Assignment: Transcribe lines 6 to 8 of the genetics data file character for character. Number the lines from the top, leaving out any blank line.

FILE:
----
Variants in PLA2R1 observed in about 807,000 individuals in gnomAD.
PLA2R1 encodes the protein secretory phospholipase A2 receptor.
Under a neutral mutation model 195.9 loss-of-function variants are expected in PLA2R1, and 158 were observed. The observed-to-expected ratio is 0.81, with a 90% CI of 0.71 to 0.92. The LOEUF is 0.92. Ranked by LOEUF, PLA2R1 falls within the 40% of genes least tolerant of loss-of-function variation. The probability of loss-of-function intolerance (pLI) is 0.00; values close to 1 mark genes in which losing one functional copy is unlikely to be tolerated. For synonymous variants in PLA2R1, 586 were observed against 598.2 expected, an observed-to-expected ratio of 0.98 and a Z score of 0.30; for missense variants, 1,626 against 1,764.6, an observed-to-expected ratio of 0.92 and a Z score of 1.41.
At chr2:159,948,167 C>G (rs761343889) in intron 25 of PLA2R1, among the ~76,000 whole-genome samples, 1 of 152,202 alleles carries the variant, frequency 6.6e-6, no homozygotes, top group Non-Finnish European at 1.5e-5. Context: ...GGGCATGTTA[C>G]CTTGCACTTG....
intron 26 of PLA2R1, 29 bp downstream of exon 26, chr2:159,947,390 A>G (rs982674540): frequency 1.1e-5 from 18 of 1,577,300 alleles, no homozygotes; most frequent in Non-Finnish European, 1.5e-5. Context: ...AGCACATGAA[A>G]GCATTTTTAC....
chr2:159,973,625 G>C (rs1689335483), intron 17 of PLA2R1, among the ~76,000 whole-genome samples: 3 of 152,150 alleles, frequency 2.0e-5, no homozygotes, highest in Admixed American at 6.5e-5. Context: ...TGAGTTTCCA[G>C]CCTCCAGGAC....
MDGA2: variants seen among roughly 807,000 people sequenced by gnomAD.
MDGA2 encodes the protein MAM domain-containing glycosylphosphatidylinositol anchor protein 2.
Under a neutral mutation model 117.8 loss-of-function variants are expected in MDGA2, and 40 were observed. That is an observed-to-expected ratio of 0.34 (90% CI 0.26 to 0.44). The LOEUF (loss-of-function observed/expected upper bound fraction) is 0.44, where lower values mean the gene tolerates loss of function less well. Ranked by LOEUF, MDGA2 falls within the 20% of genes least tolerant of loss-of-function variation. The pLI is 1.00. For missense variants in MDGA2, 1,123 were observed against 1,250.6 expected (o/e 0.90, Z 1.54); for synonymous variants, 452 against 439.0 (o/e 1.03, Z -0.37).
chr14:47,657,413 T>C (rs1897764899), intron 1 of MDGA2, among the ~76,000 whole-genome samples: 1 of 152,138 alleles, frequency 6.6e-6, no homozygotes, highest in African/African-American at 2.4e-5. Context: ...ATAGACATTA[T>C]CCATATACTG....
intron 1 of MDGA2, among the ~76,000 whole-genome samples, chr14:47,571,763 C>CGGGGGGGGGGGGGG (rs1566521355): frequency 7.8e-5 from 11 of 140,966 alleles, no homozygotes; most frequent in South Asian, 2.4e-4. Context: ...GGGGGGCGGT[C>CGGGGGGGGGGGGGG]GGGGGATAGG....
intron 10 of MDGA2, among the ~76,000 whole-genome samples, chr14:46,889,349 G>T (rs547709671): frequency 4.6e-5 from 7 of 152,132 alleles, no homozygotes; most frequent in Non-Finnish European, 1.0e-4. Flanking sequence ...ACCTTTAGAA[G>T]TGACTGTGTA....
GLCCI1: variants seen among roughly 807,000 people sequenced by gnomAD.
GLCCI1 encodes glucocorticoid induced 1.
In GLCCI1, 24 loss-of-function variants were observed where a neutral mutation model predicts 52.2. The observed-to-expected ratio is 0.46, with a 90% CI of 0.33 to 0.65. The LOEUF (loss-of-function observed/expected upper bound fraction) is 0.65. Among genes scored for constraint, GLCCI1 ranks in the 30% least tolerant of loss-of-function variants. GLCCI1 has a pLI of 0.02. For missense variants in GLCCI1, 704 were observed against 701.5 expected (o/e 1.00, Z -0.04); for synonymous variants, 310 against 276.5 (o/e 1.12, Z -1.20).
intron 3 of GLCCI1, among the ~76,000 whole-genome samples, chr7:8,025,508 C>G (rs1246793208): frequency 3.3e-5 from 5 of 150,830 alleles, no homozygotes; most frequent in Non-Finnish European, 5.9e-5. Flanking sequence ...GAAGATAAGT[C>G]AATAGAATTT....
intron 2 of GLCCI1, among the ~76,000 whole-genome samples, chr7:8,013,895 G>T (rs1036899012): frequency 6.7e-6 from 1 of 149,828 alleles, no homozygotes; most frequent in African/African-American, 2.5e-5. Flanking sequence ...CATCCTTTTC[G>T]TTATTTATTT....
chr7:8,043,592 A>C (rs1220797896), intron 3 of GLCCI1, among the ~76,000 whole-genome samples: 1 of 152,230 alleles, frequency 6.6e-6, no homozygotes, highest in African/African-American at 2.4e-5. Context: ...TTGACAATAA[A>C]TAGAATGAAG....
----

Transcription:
chr2:159,973,625 G>C (rs1689335483), intron 17 of PLA2R1, among the ~76,000 whole-genome samples: 3 of 152,150 alleles, frequency 2.0e-5, no homozygotes, highest in Admixed American at 6.5e-5. Context: ...TGAGTTTCCA[G>C]CCTCCAGGAC....
MDGA2: variants seen among roughly 807,000 people sequenced by gnomAD.
MDGA2 encodes the protein MAM domain-containing glycosylphosphatidylinositol anchor protein 2.